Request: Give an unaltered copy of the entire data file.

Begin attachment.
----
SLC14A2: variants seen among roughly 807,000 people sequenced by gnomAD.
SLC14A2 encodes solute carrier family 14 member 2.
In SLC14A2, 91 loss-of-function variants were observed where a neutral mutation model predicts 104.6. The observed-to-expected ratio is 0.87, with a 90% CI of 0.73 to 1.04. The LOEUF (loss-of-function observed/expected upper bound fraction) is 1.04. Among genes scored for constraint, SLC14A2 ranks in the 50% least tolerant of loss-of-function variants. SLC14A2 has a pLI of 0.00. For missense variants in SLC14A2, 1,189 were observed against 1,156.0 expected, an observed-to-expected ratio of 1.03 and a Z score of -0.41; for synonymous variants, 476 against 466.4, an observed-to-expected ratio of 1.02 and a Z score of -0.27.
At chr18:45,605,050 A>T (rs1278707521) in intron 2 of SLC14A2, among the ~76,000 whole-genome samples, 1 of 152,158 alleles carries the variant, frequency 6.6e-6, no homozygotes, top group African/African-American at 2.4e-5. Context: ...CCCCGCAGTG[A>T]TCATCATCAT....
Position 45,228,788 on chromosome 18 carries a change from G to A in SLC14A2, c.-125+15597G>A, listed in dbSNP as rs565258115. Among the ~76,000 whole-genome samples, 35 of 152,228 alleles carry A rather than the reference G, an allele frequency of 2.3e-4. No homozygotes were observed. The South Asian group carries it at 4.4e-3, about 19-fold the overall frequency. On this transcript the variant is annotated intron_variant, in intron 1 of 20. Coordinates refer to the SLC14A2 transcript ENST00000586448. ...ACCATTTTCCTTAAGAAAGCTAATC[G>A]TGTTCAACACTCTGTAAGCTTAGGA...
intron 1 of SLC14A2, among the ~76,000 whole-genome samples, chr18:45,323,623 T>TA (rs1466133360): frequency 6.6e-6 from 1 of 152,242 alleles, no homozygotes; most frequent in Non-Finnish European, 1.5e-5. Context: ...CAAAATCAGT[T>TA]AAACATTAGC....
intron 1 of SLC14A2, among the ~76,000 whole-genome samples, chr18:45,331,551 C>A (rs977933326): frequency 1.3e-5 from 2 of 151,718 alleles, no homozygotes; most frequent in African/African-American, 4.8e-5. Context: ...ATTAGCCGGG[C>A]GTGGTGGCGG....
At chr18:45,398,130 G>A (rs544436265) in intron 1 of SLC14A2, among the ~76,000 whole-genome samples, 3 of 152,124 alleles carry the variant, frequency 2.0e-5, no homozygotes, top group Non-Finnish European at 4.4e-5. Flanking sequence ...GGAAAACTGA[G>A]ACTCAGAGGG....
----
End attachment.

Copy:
SLC14A2: variants seen among roughly 807,000 people sequenced by gnomAD.
SLC14A2 encodes solute carrier family 14 member 2.
In SLC14A2, 91 loss-of-function variants were observed where a neutral mutation model predicts 104.6. The observed-to-expected ratio is 0.87, with a 90% CI of 0.73 to 1.04. The LOEUF (loss-of-function observed/expected upper bound fraction) is 1.04. Among genes scored for constraint, SLC14A2 ranks in the 50% least tolerant of loss-of-function variants. SLC14A2 has a pLI of 0.00. For missense variants in SLC14A2, 1,189 were observed against 1,156.0 expected, an observed-to-expected ratio of 1.03 and a Z score of -0.41; for synonymous variants, 476 against 466.4, an observed-to-expected ratio of 1.02 and a Z score of -0.27.
At chr18:45,605,050 A>T (rs1278707521) in intron 2 of SLC14A2, among the ~76,000 whole-genome samples, 1 of 152,158 alleles carries the variant, frequency 6.6e-6, no homozygotes, top group African/African-American at 2.4e-5. Context: ...CCCCGCAGTG[A>T]TCATCATCAT....
Position 45,228,788 on chromosome 18 carries a change from G to A in SLC14A2, c.-125+15597G>A, listed in dbSNP as rs565258115. Among the ~76,000 whole-genome samples, 35 of 152,228 alleles carry A rather than the reference G, an allele frequency of 2.3e-4. No homozygotes were observed. The South Asian group carries it at 4.4e-3, about 19-fold the overall frequency. On this transcript the variant is annotated intron_variant, in intron 1 of 20. Coordinates refer to the SLC14A2 transcript ENST00000586448. ...ACCATTTTCCTTAAGAAAGCTAATC[G>A]TGTTCAACACTCTGTAAGCTTAGGA...
intron 1 of SLC14A2, among the ~76,000 whole-genome samples, chr18:45,323,623 T>TA (rs1466133360): frequency 6.6e-6 from 1 of 152,242 alleles, no homozygotes; most frequent in Non-Finnish European, 1.5e-5. Context: ...CAAAATCAGT[T>TA]AAACATTAGC....
intron 1 of SLC14A2, among the ~76,000 whole-genome samples, chr18:45,331,551 C>A (rs977933326): frequency 1.3e-5 from 2 of 151,718 alleles, no homozygotes; most frequent in African/African-American, 4.8e-5. Context: ...ATTAGCCGGG[C>A]GTGGTGGCGG....
At chr18:45,398,130 G>A (rs544436265) in intron 1 of SLC14A2, among the ~76,000 whole-genome samples, 3 of 152,124 alleles carry the variant, frequency 2.0e-5, no homozygotes, top group Non-Finnish European at 4.4e-5. Flanking sequence ...GGAAAACTGA[G>A]ACTCAGAGGG....